THE EAGLE and SALOME
(Megastars of the Silent Screen) total run time 2:25**.
THE EAGLE (1925)
Directed by Clarence Brown and starring Rudolph Valentino and Vilma Banky, this adventure tale of Old Mother Russia shows Valentino both masked (think: Zorro, etc.) and unmasked (while being flirted with by the notorious czarina). Played with great flair and steely determination by Louise Dresser, Catherine was Great. Throw in samovars, dancing bears, and onion domes, and you have a charming and thrilling romance. To say “they don't make 'em like that anymore” is an understatement. Fresh print, restored with balalaikas!
Salome, a silent directed by Charles Bryat and starring Alla Nazimova, is a film adaptation of the Oscar Wilde play, including the Dance of the Seven Veils. The play itself is a loose retelling of the biblical story of King Herod and his execution of John the Baptist (here, as in Wilde's play, called Jokaanan) at the request of Herod's stepdaughter, Salomé, whom he lusts after.
Salomé is often called one of the first art films to be made in the U.S. The highly stylized costumes, exaggerated acting, minimal sets, and absence of all but the most necessary props make for a screen image much more focused on atmosphere and on conveying a sense of the characters' individual heightened desires than on conventional plot development.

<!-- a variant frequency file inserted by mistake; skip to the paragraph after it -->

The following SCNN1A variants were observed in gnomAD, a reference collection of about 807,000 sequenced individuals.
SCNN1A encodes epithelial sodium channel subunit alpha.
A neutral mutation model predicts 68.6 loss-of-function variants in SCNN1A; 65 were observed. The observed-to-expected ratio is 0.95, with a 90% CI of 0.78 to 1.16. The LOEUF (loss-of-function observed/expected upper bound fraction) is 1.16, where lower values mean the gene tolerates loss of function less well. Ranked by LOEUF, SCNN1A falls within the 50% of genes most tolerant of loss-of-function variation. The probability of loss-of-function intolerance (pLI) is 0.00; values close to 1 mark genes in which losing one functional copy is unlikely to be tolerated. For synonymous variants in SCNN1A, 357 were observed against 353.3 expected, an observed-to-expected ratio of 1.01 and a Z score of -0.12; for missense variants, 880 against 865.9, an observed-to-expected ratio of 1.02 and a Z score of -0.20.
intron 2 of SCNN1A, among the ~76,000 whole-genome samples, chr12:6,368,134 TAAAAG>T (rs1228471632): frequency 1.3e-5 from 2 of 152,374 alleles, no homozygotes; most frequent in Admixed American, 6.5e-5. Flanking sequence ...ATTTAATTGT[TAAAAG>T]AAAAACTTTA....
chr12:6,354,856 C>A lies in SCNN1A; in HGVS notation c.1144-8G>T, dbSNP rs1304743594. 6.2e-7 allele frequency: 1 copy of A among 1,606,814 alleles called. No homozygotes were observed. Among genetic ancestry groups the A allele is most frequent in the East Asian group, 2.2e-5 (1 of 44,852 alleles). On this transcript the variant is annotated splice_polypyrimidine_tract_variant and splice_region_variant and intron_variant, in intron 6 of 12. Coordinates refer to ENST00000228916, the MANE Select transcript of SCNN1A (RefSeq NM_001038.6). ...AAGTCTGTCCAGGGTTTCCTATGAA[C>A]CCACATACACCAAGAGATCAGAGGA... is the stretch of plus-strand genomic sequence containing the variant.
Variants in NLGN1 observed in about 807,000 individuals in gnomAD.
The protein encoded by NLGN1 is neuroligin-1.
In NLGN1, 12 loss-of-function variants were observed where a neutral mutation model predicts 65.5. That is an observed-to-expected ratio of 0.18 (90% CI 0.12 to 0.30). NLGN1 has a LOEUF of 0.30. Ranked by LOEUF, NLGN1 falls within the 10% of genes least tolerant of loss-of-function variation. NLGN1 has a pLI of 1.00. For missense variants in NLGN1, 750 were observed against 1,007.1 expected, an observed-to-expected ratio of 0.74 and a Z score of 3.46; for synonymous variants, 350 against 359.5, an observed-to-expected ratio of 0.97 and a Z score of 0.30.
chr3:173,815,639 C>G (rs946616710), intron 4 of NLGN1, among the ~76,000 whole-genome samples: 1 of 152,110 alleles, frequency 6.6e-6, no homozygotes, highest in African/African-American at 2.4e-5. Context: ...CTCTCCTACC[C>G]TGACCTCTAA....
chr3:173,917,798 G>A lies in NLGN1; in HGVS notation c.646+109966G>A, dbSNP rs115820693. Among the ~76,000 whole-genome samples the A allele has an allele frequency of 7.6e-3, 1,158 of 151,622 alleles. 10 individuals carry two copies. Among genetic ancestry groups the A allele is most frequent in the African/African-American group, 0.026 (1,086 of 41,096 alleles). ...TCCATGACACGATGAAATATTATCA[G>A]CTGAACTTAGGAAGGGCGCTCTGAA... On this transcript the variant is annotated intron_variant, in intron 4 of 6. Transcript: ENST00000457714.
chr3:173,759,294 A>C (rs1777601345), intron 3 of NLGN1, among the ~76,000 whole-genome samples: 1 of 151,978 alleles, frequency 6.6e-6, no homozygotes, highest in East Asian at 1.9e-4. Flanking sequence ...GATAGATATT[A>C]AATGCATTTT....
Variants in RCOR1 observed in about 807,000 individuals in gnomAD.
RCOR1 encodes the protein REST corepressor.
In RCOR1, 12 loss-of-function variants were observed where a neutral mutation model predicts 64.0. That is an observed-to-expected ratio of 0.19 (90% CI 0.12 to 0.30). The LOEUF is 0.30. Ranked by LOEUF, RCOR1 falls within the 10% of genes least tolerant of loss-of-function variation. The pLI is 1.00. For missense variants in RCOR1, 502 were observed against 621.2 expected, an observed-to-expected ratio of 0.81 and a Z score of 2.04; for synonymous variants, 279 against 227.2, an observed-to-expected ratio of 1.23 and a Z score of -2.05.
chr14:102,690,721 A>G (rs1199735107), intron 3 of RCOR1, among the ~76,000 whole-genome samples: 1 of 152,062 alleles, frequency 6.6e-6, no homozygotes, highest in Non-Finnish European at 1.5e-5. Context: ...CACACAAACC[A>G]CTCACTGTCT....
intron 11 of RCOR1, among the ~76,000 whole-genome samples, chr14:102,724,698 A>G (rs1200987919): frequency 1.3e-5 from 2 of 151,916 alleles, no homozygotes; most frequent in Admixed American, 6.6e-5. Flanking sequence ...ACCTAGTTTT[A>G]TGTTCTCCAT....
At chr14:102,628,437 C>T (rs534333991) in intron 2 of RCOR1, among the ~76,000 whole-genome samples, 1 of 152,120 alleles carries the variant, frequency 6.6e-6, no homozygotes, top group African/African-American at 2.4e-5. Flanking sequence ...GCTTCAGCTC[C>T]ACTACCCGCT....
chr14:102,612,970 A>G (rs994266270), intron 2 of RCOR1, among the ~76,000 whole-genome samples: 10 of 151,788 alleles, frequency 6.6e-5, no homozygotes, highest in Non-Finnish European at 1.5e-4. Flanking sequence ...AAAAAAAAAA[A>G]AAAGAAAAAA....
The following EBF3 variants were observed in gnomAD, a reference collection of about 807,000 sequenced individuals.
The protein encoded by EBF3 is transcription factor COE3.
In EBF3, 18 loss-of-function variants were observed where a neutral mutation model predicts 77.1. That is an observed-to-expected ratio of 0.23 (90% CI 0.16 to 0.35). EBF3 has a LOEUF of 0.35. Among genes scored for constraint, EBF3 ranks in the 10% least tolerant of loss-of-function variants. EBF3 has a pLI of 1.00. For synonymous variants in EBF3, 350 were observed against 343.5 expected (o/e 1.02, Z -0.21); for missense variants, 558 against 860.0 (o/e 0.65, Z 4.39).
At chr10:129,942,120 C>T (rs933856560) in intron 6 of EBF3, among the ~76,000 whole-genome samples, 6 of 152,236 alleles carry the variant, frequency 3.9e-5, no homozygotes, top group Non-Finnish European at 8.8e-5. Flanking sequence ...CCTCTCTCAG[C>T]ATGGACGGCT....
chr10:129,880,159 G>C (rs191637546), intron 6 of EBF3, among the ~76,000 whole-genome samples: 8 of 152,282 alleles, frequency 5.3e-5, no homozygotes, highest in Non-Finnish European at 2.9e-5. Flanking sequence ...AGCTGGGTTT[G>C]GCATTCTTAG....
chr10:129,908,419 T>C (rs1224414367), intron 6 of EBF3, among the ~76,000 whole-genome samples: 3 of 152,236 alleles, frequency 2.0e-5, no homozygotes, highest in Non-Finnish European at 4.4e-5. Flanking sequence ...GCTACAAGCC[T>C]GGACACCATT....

Alla Nazimova's Salome, as Queen Elizabeth once said, "must be seen to be believed.”
Audiences are treated before the movie to an introduction by artistic director, Michael Viktor Butler. These entertaining intros include insider information about the off-screen lives of the stars, writers, and directors of these films, and enhance viewer enjoyment by placing them in a historic and genre-based context. A Q&A period afterwards provides an opportunity to discuss and comment on the films.